MASHPEE, Mass – When I played Willowbend in a foursome with Darren Clarke on Tuesday, I mentioned while we began to walk toward our carts that a couple of clubs were left on the ground near the first green.
No one moved toward the clubs so I said it again, only a bit louder.
Clarke turned and realized they were his clubs. The 2011 Open champion and 2022 Senior Open winner said he had heard about the clubs being left behind the first time, but he didn’t think they were his because his caddie usually picks them up. On Tuesday, however, Clarke had forgotten that he didn’t have a caddie. He was just riding around Willowbend, playing six holes each with three different media groups.
Clarke, 55, proved to be a regular guy, down to earth, easy going and quick to laugh. On the second tee on the Bay course, he had trouble reading his GPS rangefinder and remarked, “This Bushnell must be drunk because I’m not.”
His personality has made him popular in his home country of Northern Ireland and throughout the golfing world. Golf fans in the U.S. have embraced Clarke, but for much of his career he served as the enemy for one week every two years. That’s the week of the Ryder Cup. Clarke won’t take part in the first Ryder Cup held in Italy Sept. 29-Oct. 1, but he did play for Europe on five Ryder Cup teams, served as vice captain twice and captained the losing European team in 2016 at Hazeltine National GC in Minnesota.
He has no problem with U.S. fans rooting against him during Ryder Cup week.
“That’s fine,” he said. “That’s brilliant. Professional golf is an individual sport. Then once every two years, we get a proper team event, the Ryder Cup, and then it’s patriotism and all that stuff. It’s a little bit different for us guys. In America, it’s: “USA, USA, USA.” In Europe, because we’re made up of so many different countries, it’s “Ole, Ole, Ole.” It’s Spanish. But that’s just the whole ethos of the Ryder Cup and its patriotism. We don’t have that too often in our sport. So it’s brilliant. So bring it on us. That’s the way it should be.”
After the Ryder Cup each year, Americans resumed rooting for Clarke.
“The fans have always been kind to me,” he said. “They’ve always thrown cigars at me and offered me beers and all that. They took to me very well when I played over here on the PGA Tour and I’m grateful for that. I love coming here. I love America. I’ve always been a huge fan.”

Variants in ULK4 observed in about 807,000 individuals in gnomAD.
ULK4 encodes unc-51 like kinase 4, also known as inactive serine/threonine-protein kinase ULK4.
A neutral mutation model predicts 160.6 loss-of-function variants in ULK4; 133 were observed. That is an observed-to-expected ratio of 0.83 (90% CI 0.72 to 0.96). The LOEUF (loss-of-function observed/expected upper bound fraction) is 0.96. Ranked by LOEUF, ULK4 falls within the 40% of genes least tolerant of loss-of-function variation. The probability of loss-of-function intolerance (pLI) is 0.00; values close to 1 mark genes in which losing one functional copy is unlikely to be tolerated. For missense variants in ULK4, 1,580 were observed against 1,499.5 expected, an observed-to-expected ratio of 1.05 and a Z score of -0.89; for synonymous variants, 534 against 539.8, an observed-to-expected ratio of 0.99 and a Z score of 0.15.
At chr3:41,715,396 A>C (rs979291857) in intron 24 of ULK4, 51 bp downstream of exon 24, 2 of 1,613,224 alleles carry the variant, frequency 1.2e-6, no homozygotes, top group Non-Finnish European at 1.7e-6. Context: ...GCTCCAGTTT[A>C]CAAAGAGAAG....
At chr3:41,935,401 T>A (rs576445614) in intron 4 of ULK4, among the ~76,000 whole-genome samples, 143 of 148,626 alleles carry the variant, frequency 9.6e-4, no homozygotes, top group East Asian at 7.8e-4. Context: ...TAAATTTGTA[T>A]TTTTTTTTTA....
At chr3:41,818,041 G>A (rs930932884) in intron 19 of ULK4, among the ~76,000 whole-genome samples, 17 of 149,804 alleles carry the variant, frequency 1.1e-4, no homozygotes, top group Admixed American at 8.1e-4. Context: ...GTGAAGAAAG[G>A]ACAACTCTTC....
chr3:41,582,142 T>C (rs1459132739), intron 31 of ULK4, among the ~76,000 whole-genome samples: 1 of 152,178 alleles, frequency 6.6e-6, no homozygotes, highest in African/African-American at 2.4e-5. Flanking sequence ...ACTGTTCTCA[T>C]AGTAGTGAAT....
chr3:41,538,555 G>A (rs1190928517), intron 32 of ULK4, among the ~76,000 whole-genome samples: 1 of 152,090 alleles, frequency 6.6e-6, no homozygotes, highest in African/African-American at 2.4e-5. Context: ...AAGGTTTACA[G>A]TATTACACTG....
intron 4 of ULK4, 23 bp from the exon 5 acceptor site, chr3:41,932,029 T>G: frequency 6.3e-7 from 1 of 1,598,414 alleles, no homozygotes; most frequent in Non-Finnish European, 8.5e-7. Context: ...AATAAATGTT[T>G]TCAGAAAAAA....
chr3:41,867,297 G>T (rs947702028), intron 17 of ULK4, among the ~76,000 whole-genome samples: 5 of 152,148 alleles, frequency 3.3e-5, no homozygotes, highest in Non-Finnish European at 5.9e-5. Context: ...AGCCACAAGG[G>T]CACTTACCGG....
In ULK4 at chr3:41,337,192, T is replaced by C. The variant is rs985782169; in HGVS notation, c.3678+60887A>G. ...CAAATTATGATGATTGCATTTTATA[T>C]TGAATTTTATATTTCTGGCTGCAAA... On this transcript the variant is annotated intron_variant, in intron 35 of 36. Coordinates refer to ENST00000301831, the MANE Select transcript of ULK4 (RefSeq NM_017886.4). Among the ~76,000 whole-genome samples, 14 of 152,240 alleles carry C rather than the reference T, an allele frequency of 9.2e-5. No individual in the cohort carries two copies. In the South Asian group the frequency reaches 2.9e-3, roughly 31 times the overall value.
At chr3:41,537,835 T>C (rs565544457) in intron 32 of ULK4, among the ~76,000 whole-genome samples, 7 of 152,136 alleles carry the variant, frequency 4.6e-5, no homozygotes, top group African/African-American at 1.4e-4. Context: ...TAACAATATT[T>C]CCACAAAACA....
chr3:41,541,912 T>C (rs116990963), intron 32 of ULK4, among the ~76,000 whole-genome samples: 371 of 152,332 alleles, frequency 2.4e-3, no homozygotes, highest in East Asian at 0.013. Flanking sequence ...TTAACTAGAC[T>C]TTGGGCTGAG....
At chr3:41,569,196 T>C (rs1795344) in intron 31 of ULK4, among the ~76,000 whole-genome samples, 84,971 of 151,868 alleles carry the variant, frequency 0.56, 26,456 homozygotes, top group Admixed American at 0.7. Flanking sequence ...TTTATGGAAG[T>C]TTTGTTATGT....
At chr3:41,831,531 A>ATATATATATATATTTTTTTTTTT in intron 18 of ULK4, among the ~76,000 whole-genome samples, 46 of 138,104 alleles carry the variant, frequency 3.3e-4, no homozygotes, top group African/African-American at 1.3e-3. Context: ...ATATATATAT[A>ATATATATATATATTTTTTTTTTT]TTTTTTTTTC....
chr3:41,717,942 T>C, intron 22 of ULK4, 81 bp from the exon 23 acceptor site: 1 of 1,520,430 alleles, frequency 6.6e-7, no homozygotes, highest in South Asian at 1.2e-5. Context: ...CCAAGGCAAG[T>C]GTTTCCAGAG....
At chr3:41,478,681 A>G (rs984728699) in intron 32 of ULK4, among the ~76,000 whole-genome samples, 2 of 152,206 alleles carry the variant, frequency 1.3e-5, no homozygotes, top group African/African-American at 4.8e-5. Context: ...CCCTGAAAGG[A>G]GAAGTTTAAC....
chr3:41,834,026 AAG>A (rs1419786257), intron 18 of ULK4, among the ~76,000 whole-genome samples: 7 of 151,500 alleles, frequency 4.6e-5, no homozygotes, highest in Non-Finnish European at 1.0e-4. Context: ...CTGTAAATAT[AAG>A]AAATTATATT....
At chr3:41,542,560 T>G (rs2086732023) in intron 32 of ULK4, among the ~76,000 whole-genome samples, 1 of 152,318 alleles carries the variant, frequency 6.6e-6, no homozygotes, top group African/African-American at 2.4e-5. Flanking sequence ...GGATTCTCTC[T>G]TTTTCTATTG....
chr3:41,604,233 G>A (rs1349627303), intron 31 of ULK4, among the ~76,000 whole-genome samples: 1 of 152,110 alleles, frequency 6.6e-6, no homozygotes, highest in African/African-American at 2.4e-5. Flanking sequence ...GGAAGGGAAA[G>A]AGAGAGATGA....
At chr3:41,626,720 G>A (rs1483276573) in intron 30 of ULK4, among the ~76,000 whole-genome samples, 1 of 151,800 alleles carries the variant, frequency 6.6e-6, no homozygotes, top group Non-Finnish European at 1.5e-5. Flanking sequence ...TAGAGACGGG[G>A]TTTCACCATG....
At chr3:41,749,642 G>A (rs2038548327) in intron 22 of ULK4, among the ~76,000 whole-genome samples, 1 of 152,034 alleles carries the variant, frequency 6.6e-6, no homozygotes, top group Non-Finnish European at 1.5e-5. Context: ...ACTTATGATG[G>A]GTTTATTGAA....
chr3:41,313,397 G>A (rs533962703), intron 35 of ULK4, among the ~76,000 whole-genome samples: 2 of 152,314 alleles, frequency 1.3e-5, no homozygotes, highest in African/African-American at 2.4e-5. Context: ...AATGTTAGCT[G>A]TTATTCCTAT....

Clarke spends most of his spare time in the Bahamas and serves as ambassador for The Abaco Club on the island. The Abaco Club is one of six Southworth properties, joining Willowbend, Renaissance in Haverhill, Creighton Farms outside Washington, D.C., Meredith Bay (N.H.) and Machrihanish Dunes in Scotland.
On Wednesday, Clarke became the ninth person to be inducted into Willowbend’s Hall of Fame.
“It’s awesome,” Clarke said. “You take a look at some of the other honorees who are in there and I’m joining a very privileged list of people. All these things, you don’t really think about them when you’re younger and trying to play, but when you get a little older I guess you become a little more appreciative.”
Clarke joined an esteemed group in the Willowbend Hall of Fame: Paul and Phyllis Fireman, Jack and Barbara Nicklaus, Bobby Orr, Roger Clemens, F. Lee Bailey and Martin Sandler.
Orr and Clemens were honored for their contributions to the club’s former children’s charity pro-am.
“Darren is a wonderful spokesman for us,” said CEO Thomas Southworth, “in that he represents the values that we care about and our members care about. He helps us build community everywhere he goes. He helps build connections and ties people together and creates happiness. He does that at Abaco on a weekly basis and he does that here at Willowbend when he visits and he’s done it at Creighton Farms. He’s become a dear friend and I respect him, his wife and his children.”
Southworth said he always wants the U.S. to capture the Ryder Cup, but he used to root for Clarke to win his matches.
“Hazeltine in 2016 was a difficult one for all of us,” Southworth admitted. “A lot of us went.”
Clarke is a regular on PGA Tour Champions and he held the lead entering the final round of the Ally Challenge in Michigan last Sunday before finishing seventh. Although disappointed, he shrugged it off and said he felt worse for Paul Goydos, who led by a shot before he five-putted from 35 feet, including four-putting from three feet, on the next-to-last hole.
Paul Fireman, the billionaire founder of Reebok, bought Willowbend out of bankruptcy in 1991 and spent tens of millions to improve it. In 2003, the Bay course opened, expanding Willowbend to 27 holes. The other two nines are the challenging Bog, which is built around cranberry bogs, and the Bend, which has tight fairways. Each nine plays to a par of 35.
In 2012, Fireman sold Willowbend to David Southworth, who had been Willowbend’s CEO from 1992-2005. Fireman remains a member of the club. Tommy Southworth, David’s son, became president of Southworth in 2019.
Willowbend also features a fitness center, pickleball courts, pool and fine dining.
Willowbend is a private club with 550 memberships encompassing about 1,500 people, according to assistant general manager and director of membership, Mike Vidal. The club has also opened its doors to some of the best golfers of the state, members or not.
On Sept. 18-20, Willowbend will host the Mass. Mid-Amateur for golfers aged 25 and older. They will play the Bay and Bog courses.
The club hosted the Mass. Father-Son in 2014 and the Mass. Senior Amateur in 2020 and is scheduled to host the Mass. Open in 2024 and the Mass. Amateur in 2027.
On the web: WillowbendCapeCod.com